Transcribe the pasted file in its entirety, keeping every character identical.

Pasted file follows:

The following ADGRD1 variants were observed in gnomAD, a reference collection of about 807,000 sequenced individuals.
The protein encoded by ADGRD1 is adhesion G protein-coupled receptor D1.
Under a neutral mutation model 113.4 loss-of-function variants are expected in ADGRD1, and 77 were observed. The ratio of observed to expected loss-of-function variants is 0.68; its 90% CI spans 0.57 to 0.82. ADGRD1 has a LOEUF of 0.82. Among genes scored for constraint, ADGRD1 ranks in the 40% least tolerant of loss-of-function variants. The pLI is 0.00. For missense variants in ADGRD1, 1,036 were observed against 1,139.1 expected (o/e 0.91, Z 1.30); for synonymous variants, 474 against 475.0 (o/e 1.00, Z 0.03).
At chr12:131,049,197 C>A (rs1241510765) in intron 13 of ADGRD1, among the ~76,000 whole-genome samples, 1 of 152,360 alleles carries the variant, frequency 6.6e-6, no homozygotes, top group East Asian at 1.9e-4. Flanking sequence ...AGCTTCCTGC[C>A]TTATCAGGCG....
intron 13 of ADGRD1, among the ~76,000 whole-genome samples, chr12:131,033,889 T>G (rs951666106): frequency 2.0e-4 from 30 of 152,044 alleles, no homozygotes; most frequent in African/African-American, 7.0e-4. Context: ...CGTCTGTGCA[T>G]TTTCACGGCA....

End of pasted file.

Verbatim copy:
The following ADGRD1 variants were observed in gnomAD, a reference collection of about 807,000 sequenced individuals.
The protein encoded by ADGRD1 is adhesion G protein-coupled receptor D1.
Under a neutral mutation model 113.4 loss-of-function variants are expected in ADGRD1, and 77 were observed. The ratio of observed to expected loss-of-function variants is 0.68; its 90% CI spans 0.57 to 0.82. ADGRD1 has a LOEUF of 0.82. Among genes scored for constraint, ADGRD1 ranks in the 40% least tolerant of loss-of-function variants. The pLI is 0.00. For missense variants in ADGRD1, 1,036 were observed against 1,139.1 expected (o/e 0.91, Z 1.30); for synonymous variants, 474 against 475.0 (o/e 1.00, Z 0.03).
At chr12:131,049,197 C>A (rs1241510765) in intron 13 of ADGRD1, among the ~76,000 whole-genome samples, 1 of 152,360 alleles carries the variant, frequency 6.6e-6, no homozygotes, top group East Asian at 1.9e-4. Flanking sequence ...AGCTTCCTGC[C>A]TTATCAGGCG....
intron 13 of ADGRD1, among the ~76,000 whole-genome samples, chr12:131,033,889 T>G (rs951666106): frequency 2.0e-4 from 30 of 152,044 alleles, no homozygotes; most frequent in African/African-American, 7.0e-4. Context: ...CGTCTGTGCA[T>G]TTTCACGGCA....